Dar es Salaam (administrative capital)
Dodoma (legislative capital)
947,300 sq km
English common law; judicial review of legislative acts limited to matters of interpretation.
Personal Income Tax | Local & Expatriate
The Individual income is subjected to tax referred to as Pay As You Earn (PAYE). PAYE is computed based on a graduated scale.
This is applicable to both resident and non-resident individuals. For the expatriates, it is mandatory that they remit PAYE on any income accrued or derived in Kenya.
|The graduated scale for PAYE is as shown below;
Corporate Income Tax
Any income that is derived or deemed to have been accrued in Kenya is subject to corporate tax.
|The applicable rate is as follows:
Withholding tax is an agency tax that is applicable on different services at the point of payment..
|The applicable rate for professional fees is 5% and 20% for both resident and non-resident entities. Interest is taxed at the rate of 15% for both resident and non-resident Dividends is taxed at the rate if 5% and 15% for resident and non- resident entities. Management fees is taxed at the rate of 5% and 20% for resident and non-resident entities
Capital Gains Tax
|Capital Gains Tax is a final tax that is applied proceeds from the transfer of property.
|The applicable rate is 5%.
There is no environmental levy. However, acquiring the Environmental Impact Assessment License remains mandatory by the law.
|Dividends include any benefit (cash or non-cash) that is extended to the owner of a business or a related party to the owner.
|Dividends are subject to Withholding tax at the rate of 5% and 15% for both residents and non-residents respectively.
VAT is a consumption tax that is charged on the supply of taxable goods in Kenya and services and on importation into the country.
|Taxable supplies are subjected to VAT at a standard rate of 16% and 0%, except for fuels which are at the rate of 8%.
Bilateral Tax Treaties and DTAAs
|Kenya has entered into double tax avoidance agreements with several countries, such as South Africa, Zambia, United Kingdom, Denmark, Mauritius, India etc.
These DTAAs clearly highlight its beneficiaries and the taxes applicable between the two states. Within the terms, the agreement also allocates the taxing rights to the relevant country.
|In the cases where residents of a country that has a DTA with Kenya, (contracting state), transact with residents from Kenya, then the tax rates provided under the DTAAs shall prevail.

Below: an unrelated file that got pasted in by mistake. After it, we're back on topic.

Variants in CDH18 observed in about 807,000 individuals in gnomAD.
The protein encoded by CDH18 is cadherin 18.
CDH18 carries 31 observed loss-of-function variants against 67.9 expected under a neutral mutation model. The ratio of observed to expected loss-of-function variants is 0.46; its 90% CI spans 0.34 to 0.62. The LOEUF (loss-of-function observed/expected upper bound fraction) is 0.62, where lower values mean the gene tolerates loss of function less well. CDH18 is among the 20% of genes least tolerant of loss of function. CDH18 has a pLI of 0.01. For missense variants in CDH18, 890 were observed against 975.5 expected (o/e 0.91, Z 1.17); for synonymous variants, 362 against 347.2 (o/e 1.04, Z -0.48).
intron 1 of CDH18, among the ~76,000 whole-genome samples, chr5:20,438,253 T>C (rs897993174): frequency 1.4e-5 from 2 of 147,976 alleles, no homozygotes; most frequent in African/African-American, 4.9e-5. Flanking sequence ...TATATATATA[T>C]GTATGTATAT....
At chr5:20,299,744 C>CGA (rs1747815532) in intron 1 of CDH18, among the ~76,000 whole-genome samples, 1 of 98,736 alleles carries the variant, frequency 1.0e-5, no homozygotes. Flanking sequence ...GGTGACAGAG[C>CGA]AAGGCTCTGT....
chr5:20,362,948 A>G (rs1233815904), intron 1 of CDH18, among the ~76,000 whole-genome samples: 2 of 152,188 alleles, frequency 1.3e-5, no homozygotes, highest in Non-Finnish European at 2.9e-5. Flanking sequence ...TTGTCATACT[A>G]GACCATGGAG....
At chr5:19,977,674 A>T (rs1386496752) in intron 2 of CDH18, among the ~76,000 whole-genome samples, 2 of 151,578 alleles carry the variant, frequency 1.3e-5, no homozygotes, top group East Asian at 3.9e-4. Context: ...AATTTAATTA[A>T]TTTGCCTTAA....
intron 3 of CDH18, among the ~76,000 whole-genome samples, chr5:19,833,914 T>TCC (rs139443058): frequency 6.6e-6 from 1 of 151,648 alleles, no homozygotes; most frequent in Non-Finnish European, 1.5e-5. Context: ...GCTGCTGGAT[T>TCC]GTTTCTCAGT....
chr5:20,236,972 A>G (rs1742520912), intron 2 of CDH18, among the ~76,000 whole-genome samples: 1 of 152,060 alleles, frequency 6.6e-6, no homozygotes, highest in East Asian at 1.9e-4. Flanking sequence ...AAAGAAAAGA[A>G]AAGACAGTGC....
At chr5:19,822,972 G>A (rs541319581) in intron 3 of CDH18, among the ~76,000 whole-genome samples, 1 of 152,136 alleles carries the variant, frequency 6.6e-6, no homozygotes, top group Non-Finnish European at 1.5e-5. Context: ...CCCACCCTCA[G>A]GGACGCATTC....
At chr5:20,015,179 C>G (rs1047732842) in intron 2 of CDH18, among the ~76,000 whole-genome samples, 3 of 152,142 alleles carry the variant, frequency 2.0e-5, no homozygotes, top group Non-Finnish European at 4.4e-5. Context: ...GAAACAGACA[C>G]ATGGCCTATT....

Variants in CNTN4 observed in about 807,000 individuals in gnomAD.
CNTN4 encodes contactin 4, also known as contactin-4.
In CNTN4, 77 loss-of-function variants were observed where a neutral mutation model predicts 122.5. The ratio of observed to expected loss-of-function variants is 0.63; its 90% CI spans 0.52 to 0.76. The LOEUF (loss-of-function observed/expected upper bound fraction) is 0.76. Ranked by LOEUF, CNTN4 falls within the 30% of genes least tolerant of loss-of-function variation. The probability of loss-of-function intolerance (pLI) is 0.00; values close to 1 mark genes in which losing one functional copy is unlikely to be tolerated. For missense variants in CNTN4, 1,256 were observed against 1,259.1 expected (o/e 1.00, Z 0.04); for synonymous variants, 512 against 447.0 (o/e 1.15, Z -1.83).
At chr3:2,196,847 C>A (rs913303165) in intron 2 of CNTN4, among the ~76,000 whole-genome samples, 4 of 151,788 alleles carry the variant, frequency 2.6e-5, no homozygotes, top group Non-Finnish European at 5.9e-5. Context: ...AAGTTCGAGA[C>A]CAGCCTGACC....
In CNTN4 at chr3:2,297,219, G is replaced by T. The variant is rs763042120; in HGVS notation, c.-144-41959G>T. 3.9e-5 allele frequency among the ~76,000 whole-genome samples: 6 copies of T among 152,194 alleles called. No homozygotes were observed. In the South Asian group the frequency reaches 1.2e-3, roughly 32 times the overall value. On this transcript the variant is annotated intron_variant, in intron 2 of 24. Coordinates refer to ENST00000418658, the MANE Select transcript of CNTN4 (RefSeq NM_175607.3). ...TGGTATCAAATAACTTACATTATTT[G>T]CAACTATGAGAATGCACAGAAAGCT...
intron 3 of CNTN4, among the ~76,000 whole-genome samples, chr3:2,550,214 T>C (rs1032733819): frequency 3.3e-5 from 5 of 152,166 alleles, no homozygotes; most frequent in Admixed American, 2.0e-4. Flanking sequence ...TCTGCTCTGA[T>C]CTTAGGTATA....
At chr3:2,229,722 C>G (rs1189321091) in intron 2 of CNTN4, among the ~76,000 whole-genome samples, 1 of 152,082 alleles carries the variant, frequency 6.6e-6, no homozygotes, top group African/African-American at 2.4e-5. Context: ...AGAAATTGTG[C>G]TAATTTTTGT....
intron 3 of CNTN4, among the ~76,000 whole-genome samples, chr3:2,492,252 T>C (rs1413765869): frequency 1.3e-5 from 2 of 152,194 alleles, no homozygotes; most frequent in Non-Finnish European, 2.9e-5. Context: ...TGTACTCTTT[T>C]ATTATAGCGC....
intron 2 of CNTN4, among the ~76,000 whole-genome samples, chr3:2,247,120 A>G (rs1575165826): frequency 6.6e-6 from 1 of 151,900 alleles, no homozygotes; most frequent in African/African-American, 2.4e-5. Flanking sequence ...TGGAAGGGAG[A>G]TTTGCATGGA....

Where there is no a tax treaty between the contracting states, then the taxes as per the jurisdictional regulations shall be applicable.
|The Income Tax Act entails different tax incentives provisions that the taxpayers can take advantage of in order to reduce their liability while computing for their tax obligations.
Tax Rulings and Directives
|Tax disputes are limited to the ruling of the Tax Appeal Tribunals. However, taxpayers can appeal their litigations at the High Court on matters of legal interpretations.
Tanzania has achieved high growth rates based on its vast natural resource wealth and tourism with GDP growth averaging 6%-7% per year. The country has largely completed its transition to a market economy, though the government retains a presence in sectors such as telecommunications, banking, energy, and mining.
The economy depends on agriculture, which accounts for slightly less than one-quarter of GDP and employs about 65% of the workforce, although gold production in recent years has increased to about 35% of exports.
All land in Tanzania is owned by the government, which can lease land for up to 99 years. Proposed reforms to allow for land ownership, particularly foreign land ownership, remain unpopular.
The financial sector in Tanzania has expanded in recent years and foreign-owned banks account for about 48% of the banking industry’s total assets. Banking reforms have helped increase private-sector growth and investment.
The government elected in 2015 developed an ambitious development agenda focused on creating a better business environment through improved infrastructure, access to financing, and education progress, but implementing budgets remains challenging for the government.